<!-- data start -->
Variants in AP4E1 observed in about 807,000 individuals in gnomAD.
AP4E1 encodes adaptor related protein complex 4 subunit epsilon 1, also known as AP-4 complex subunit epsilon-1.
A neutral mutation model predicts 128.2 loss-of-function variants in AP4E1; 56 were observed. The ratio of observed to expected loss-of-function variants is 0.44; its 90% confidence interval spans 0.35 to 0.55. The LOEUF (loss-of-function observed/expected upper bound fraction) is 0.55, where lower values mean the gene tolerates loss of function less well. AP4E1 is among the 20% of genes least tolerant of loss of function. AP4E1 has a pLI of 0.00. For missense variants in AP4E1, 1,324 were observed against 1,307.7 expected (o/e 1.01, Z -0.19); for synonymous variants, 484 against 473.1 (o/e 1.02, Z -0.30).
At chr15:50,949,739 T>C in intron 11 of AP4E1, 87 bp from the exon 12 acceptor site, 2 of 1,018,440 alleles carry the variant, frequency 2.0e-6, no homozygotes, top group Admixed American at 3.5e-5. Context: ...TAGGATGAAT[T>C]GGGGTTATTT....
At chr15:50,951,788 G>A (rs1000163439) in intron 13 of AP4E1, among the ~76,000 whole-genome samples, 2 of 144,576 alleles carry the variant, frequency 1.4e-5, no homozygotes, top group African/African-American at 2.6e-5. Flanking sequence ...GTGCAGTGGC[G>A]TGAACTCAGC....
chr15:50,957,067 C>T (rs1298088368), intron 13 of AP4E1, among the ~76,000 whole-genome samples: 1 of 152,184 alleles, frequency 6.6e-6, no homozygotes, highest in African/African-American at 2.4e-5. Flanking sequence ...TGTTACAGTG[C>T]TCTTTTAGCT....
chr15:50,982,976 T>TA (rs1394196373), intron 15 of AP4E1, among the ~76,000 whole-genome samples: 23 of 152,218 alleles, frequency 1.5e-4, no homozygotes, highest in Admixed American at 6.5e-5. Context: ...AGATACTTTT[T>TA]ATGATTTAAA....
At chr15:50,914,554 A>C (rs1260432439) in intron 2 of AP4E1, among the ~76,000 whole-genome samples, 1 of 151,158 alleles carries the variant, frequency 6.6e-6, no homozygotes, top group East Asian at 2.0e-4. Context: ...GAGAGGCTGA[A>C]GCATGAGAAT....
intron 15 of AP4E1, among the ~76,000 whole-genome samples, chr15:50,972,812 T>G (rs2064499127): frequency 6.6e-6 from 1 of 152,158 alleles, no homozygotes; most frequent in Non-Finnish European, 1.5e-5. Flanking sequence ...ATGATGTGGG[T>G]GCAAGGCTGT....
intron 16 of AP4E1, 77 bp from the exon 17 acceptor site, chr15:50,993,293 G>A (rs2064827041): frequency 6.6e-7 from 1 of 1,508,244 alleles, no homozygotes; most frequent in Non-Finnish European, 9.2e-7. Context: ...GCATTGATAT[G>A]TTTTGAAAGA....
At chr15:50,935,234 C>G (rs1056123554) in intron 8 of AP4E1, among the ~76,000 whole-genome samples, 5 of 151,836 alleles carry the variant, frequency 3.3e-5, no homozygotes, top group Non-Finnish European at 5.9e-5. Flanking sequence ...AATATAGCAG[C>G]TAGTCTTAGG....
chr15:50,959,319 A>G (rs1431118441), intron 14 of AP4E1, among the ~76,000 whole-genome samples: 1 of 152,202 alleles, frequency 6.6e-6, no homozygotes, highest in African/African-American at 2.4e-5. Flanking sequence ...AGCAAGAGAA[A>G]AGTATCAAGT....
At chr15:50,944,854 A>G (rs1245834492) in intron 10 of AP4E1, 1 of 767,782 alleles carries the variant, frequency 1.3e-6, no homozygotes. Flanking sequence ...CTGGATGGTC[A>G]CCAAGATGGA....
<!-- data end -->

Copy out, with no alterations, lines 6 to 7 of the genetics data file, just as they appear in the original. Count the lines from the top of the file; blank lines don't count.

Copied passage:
chr15:50,957,067 C>T (rs1298088368), intron 13 of AP4E1, among the ~76,000 whole-genome samples: 1 of 152,184 alleles, frequency 6.6e-6, no homozygotes, highest in African/African-American at 2.4e-5. Flanking sequence ...TGTTACAGTG[C>T]TCTTTTAGCT....
chr15:50,982,976 T>TA (rs1394196373), intron 15 of AP4E1, among the ~76,000 whole-genome samples: 23 of 152,218 alleles, frequency 1.5e-4, no homozygotes, highest in Admixed American at 6.5e-5. Context: ...AGATACTTTT[T>TA]ATGATTTAAA....